3 Important Rule Changes In Short-Term Health Insurance Plans
There are major rule changes of short-term health insurance plans to consider. Here's what to know about them
Rising costs for health insurance under the Affordable Care Act have left many Americans searching for low-cost alternatives. In states where health insurance has become cost-prohibitive, short-term health insurance plans have grown in popularity. Recent government legislation may propel those trends even further, as President Donald Trump signed an executive order last October which changed important aspects of these health plans. Specifically, buyers of individual plans that are unable to purchase ACA-compliant insurance will be able to extend the average duration for short-term health program alternatives.
The availability of short-term health insurance still varies by U.S. state and patients should research availabilities before selecting a provider. Some geographical jurisdictions have tighter restrictions than others, and this can complicate the process of finding suitable coverage.
However, the federal regulations currently in place have enacted changes in the initial duration of short-term insurance programs. Overall, the added flexibility created by these rule changes may lead to significant increases in the popularity of short-term health insurance options and influence labor market trends in the healthcare industry. In this article, we will look at three important rule changes that have been enacted as a result of this recent legislation.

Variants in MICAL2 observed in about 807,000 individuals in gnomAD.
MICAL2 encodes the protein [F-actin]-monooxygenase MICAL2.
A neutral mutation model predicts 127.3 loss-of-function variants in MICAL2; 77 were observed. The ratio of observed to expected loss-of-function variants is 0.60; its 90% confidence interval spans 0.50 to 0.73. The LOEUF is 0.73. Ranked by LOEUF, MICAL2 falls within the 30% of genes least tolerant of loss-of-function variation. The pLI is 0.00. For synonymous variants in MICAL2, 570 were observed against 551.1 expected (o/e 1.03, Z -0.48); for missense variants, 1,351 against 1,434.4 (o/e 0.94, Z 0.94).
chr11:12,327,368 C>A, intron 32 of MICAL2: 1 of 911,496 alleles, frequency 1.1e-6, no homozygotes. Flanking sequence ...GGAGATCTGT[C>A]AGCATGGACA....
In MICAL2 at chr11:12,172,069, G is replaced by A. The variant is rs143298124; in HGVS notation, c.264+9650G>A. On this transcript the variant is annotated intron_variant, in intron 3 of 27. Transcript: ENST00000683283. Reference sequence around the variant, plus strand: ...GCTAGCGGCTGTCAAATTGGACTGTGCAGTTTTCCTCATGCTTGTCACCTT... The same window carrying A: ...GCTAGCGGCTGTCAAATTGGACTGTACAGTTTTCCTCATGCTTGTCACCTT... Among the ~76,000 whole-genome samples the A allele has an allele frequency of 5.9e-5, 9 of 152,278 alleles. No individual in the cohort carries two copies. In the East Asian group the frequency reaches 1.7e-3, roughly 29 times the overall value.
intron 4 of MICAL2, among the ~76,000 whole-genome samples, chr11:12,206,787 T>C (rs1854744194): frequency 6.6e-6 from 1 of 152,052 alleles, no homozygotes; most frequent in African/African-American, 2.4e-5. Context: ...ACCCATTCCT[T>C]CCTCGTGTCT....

Initial Term Limits Increased to 364 days
Under the recent rule change, the first important difference is that initial term limits for short-term insurance plans have been extended to 364 days. In 2017, the Obama Administration imposed restrictions on short-term health insurance programs which limited potential durations to 90 days.
Under the ACA rules, short-term health insurance programs were always considered exempt. However, the 2017 rule changes reduced the time availabilities that could be offered to patients and reversed long-standing regulations that enabled short-term health insurance to be purchased for 364 day periods. The 2018 legislation under the Trump administration essentially removed these restrictions and reverted the system to the guidelines in place prior to 2017.
Short-term Plans Can Be Renewed (Up to 36 months)
In addition to these extensions, the legislation also allows short-term health insurance plans to be considered renewable. The second significant change to these programs is that short-term health insurance plans can be renewed up to a period of 36 months. At this stage, individuals would then be able to purchase another short-term health insurance plan (either from the same insurance company or from a different insurance company).
Thus, the new rule changes indicate a total period limitation of 36 months (if renewed) and if additional coverage is needed after this completion date, a new health insurance plan would need to be purchased. In other words, there are no restrictions against stringing together several different short-term plans for an indefinite period of time. The removal of these restrictions could lead more patients to consider short term health insurance as a viable option for coverage and forecasts by the U.S. Health and Human Services Department suggest short-term health insurance purchases could increase by 600,000 in 2019.